Some weeks ago, a vacuous scammer temporarily commanded my mother’s WhatsApp account. He picked the wrong son’s mother to swindle; naturally, I found him for a phone interview (it wasn’t …
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Some weeks ago, a vacuous scammer temporarily commanded my mother’s WhatsApp account. He picked the wrong son’s mother to swindle; naturally, I found him for a phone interview (it wasn’t hard).
But I’ll come back to that. First, let me explain how the scam works so you can be wary of the signs.
As with so many a ruse in our hyper-technological era, this one starts with apparent correspondence from a trusted friend or family member. In my mother’s case, she got a text from her oldest sister.
“Hi! How are you?” it said.
Normal enough so far.
“I need a small favor if you can.”
“Sure, what’s up?” my mom wrote back.
Next comes the peripeteia.
“I just sent a wrong message to your direct number by accident. If it’s not too much trouble, can you return it to me here?”
In this context — this column that started with scams as its premise — it might be obvious there’s something suspicious at play. When my mom got a text from her sister in the middle of a Zoom conference, though, she wasn’t inclined to mull over the details and quickly forwarded the message in question.
But, of course, it wasn’t my aunt. And the “wrong message” contained a recovery code to activate my mother’s WhatsApp on a new device. Within seconds of sending the message, mom was locked out, and the scammer was at liberty to impersonate her much as he had my aunt.
WhatsApp is designed with sophisticated encryption protocol to protect users from attacks on their data (except by its parent company, Facebook, but I can’t get into that here). But the app also features facile functionality than can easily get you in trouble.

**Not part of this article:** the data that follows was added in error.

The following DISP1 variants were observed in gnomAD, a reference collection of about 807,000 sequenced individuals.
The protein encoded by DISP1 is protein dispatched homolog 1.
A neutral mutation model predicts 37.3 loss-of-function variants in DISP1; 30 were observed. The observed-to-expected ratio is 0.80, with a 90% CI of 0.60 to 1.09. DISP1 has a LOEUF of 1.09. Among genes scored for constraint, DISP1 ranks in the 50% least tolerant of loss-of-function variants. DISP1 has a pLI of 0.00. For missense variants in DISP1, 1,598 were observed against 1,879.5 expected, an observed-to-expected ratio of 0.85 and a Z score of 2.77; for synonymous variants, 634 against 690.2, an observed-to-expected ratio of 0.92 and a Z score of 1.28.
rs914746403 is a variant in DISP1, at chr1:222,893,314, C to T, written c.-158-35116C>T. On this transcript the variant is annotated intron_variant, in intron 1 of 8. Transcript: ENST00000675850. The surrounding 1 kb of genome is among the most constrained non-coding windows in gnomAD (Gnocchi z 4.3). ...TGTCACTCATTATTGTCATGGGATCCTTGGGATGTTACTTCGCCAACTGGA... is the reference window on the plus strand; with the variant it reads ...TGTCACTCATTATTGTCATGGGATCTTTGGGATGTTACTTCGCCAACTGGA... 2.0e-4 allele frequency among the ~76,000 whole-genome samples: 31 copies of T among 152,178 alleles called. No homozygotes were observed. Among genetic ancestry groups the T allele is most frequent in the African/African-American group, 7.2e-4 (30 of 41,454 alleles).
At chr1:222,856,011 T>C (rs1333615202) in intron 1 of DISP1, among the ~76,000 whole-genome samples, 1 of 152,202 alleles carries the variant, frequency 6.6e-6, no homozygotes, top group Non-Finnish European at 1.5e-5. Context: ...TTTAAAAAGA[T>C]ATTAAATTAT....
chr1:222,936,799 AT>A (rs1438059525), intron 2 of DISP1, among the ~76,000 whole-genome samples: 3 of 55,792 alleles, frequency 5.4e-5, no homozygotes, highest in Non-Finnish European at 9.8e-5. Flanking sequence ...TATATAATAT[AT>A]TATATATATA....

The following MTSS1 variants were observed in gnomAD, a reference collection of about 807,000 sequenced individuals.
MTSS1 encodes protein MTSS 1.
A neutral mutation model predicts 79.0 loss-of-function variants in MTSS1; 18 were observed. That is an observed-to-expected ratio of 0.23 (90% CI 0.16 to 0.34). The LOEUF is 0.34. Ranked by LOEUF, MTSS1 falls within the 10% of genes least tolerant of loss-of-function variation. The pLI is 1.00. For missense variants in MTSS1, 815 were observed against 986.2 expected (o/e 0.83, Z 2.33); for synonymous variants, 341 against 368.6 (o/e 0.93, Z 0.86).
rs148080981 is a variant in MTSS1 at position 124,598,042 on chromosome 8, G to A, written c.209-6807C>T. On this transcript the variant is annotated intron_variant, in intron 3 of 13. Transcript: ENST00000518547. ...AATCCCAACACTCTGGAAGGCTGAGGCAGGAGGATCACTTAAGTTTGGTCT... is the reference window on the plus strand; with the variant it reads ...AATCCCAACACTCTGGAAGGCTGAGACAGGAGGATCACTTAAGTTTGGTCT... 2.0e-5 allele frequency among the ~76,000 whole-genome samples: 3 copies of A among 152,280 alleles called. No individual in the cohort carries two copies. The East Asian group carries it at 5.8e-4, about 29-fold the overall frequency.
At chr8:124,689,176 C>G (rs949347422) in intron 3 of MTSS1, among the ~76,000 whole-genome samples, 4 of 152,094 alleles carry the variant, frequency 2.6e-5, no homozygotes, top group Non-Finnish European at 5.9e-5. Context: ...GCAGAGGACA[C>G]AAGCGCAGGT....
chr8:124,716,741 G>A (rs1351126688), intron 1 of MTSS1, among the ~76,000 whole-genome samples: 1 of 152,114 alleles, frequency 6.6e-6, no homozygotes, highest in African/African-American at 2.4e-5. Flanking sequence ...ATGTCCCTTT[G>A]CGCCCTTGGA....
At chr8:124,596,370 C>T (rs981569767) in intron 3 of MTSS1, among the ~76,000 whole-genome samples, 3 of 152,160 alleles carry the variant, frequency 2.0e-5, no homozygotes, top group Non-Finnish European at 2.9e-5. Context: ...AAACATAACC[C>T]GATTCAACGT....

To access a WhatsApp account, one needs only the corresponding phone number, which is easy to come by. When users want to launch their accounts on a new device, they type in their phone number and wait for a text supplying an activation code. The idea is that only appropriate users have access to their phones, and so typing in the code verifies their identities.
To steal the account, however, fraudsters need only to know your phone number and then ask for the code you get. These louts don’t have any impressive hacking ability, nor even must they research targets. They’re undeserving of the honorific “white collar criminals.”
They just roll the dice with hundreds of potential victims and wait for some to act hastily.
Once they’ve got your account they’ve also got your contact list and can begin the process anew texting all your friends and family and asking for verification codes. As you can imagine, the network of appropriated WhatsApp accounts grows exponentially. And eventually, when they suspect someone is especially gullible, they’ll ask for money transfers.
To save myself some time, I texted my “mom” on WhatsApp after my real mom, despondent and exasperated, called to apprise me of the situation.
“You might get a message from me on WhatsApp, but it’s not me,” she said. “Don’t engage.”
Come on ma, don’t you know me better?
“Hey, how’s it going?” I wrote to my unsuspecting scammer.
“Good thanks. I need a small favor if you can.” I guess these people operate from a script.
“Sure, no problem, I’m happy to help!” I shot back.
I can only imagine my scammer’s glee at having found such a credulous victim.
At this point, I’ll skip ahead through about two hours of conversation. Every time the scammer had WhatsApp send me a code, I eagerly sent it along — always one digit off. He tried as many times as WhatApp allowed him, growing more frustrated with each failed attempt. “Is this guy so witless he really can’t send the right numbers?” I like to think the witless scammer wondered.